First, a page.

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Will I lose my house in my divorce if I move out first?

On Behalf of | Apr 14, 2023 | Divorce

Did you know that neither you nor your spouse is required to move out of your shared home after you file for divorce? In Minnesota, there is no legal requirement that you and your spouse live apart for a period before divorcing. So, you do not have to move out of the house if your spouse files for divorce.

Still, living with your soon-to-be ex-spouse is simply not emotionally healthy or realistic for many couples. If you do decide to move out of your shared home while your divorce is pending you may worry that this will indicate that you do not want to keep the home when the exact opposite is true. But know that you will not automatically lose your home in a divorce just because you moved out after the divorce was filed.

Property division in Minnesota

When courts divide marital property in a divorce in Minnesota, they will do so based on what they think is fair. Sometimes this means that it is fair for you to keep the home, even if you moved out while your divorce was pending. This might be especially pertinent if you are awarded child custody and plan on raising your children in that home.

Otherwise, what might be fair is for you to keep the home and your spouse will receive other marital property of an equal value. What is fair might also be for you to buy out your spouse’s share in the home so you can stay in it once the divorce is finalized. In either of these situations, the fact that you moved out first does not automatically negate your right to pursue ownership of the marital home after your divorce.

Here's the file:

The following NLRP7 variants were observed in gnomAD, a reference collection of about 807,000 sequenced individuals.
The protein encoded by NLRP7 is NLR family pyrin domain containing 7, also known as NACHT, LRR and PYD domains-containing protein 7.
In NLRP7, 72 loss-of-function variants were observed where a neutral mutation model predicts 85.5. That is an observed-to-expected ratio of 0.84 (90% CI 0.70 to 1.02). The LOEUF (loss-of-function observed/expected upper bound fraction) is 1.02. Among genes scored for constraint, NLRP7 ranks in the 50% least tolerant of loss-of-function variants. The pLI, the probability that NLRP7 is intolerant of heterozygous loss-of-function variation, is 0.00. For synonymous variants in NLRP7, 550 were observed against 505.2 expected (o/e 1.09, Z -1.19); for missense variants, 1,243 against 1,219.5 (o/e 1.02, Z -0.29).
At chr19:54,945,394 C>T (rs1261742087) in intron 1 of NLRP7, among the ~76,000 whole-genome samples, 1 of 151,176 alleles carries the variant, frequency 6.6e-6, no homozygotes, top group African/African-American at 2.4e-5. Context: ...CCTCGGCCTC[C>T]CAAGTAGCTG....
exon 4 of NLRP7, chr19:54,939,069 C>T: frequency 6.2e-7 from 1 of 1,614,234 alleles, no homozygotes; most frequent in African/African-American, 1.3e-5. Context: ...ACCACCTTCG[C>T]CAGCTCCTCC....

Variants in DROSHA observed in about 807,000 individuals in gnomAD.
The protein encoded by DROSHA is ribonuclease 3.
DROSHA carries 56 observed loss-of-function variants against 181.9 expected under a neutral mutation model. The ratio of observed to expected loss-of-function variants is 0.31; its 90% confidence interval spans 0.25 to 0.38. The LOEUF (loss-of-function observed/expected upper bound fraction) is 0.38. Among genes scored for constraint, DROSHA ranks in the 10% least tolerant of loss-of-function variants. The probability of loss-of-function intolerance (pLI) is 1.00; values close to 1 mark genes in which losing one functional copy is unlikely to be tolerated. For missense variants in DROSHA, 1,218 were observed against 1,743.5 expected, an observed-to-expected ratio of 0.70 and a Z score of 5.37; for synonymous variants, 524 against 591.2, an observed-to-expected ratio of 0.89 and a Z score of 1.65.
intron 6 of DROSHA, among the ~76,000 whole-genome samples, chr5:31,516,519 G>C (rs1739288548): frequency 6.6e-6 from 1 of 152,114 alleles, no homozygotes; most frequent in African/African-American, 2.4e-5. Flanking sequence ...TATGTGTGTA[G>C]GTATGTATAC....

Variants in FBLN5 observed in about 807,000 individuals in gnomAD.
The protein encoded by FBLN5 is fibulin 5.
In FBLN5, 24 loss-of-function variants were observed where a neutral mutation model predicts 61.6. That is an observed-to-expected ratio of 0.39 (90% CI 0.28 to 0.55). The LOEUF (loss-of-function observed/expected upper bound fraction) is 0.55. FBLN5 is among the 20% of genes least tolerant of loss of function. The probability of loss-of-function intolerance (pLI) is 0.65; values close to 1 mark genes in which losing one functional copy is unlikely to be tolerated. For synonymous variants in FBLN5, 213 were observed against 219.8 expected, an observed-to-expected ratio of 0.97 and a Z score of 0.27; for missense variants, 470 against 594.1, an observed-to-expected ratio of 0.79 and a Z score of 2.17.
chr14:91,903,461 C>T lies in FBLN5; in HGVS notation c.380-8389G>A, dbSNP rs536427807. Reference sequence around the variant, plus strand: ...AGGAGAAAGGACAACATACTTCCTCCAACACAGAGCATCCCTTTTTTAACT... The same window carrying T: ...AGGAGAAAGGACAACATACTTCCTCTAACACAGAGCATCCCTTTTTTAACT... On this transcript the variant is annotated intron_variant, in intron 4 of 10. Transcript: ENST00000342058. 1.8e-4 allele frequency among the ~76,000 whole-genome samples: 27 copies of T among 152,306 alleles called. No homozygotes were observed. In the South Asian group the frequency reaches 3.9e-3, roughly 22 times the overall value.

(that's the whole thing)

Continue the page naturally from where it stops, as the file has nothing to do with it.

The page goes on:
Temporary orders

If you want to move out, but are concerned that you might lose your right to the home you share with your spouse, you can always seek a temporary order preserving your interest in the home. This means that you can ask the court to prevent your spouse from selling the home without your permission.

You can also ask the court to decide who can live in your shared home until your divorce is finalized. Finally, you can ask the court to issue a statement that the temporary order will not automatically transfer to a permanent order upon finalization of the divorce.

You and your spouse can also execute a written separation agreement. This is not necessary for either of you to move out or to get a divorce, but it can help clarify each of your rights while your divorce is pending. In the separation agreement, you can outline who will have access to your shared home and when.

Ultimately, if you want to keep the family home after your divorce, your right to do so is not diminished based solely on the fact that you moved out while your divorce was pending. Still, you have options that might help make your intentions known, even if you move out for a while.